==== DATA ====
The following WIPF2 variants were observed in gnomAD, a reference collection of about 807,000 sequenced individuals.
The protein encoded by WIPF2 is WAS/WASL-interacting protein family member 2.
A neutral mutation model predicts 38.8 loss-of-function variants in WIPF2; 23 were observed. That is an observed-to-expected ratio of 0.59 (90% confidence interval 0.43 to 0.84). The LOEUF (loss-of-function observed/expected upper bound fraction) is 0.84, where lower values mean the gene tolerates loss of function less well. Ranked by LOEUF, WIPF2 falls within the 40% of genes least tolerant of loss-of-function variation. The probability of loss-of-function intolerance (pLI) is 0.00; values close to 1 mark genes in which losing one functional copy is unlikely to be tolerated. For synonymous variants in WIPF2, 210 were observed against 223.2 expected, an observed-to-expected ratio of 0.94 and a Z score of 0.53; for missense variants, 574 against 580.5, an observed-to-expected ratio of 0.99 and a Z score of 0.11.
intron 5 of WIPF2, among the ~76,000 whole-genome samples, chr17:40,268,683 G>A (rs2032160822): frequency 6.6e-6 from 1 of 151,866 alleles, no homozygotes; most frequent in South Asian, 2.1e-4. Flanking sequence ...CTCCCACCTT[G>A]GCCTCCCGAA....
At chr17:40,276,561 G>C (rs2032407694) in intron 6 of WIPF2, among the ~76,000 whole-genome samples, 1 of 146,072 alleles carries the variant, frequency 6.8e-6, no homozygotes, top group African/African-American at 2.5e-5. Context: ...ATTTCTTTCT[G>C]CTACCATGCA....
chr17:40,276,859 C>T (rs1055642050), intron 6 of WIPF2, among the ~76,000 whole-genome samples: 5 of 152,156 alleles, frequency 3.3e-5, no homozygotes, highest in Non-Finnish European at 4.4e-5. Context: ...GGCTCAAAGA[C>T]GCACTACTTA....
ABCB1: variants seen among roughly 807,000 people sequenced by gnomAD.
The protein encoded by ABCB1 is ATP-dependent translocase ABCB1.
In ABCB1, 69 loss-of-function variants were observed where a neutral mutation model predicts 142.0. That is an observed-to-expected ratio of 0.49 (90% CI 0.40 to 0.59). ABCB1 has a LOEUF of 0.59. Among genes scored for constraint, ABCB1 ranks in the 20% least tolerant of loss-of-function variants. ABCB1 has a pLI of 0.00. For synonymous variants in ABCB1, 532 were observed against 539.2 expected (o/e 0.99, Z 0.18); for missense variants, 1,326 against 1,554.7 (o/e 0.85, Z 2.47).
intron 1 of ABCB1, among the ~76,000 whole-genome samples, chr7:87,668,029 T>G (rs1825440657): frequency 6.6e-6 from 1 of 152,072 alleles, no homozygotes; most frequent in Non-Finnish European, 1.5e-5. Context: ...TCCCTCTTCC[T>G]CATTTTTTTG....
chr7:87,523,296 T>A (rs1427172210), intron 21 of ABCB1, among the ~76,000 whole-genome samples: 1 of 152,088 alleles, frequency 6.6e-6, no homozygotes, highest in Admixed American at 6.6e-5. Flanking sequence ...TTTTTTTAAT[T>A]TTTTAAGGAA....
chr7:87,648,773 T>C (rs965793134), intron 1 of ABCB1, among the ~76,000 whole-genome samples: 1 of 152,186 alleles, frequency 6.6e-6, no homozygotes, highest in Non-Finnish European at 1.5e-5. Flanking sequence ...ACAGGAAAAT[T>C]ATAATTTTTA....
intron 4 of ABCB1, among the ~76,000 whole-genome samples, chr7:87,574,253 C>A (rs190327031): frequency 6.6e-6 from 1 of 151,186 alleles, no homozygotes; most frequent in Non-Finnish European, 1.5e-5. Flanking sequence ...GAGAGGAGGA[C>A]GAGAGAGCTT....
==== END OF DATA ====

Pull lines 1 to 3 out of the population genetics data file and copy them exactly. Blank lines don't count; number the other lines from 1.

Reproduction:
The following WIPF2 variants were observed in gnomAD, a reference collection of about 807,000 sequenced individuals.
The protein encoded by WIPF2 is WAS/WASL-interacting protein family member 2.
A neutral mutation model predicts 38.8 loss-of-function variants in WIPF2; 23 were observed. That is an observed-to-expected ratio of 0.59 (90% confidence interval 0.43 to 0.84). The LOEUF (loss-of-function observed/expected upper bound fraction) is 0.84, where lower values mean the gene tolerates loss of function less well. Ranked by LOEUF, WIPF2 falls within the 40% of genes least tolerant of loss-of-function variation. The probability of loss-of-function intolerance (pLI) is 0.00; values close to 1 mark genes in which losing one functional copy is unlikely to be tolerated. For synonymous variants in WIPF2, 210 were observed against 223.2 expected, an observed-to-expected ratio of 0.94 and a Z score of 0.53; for missense variants, 574 against 580.5, an observed-to-expected ratio of 0.99 and a Z score of 0.11.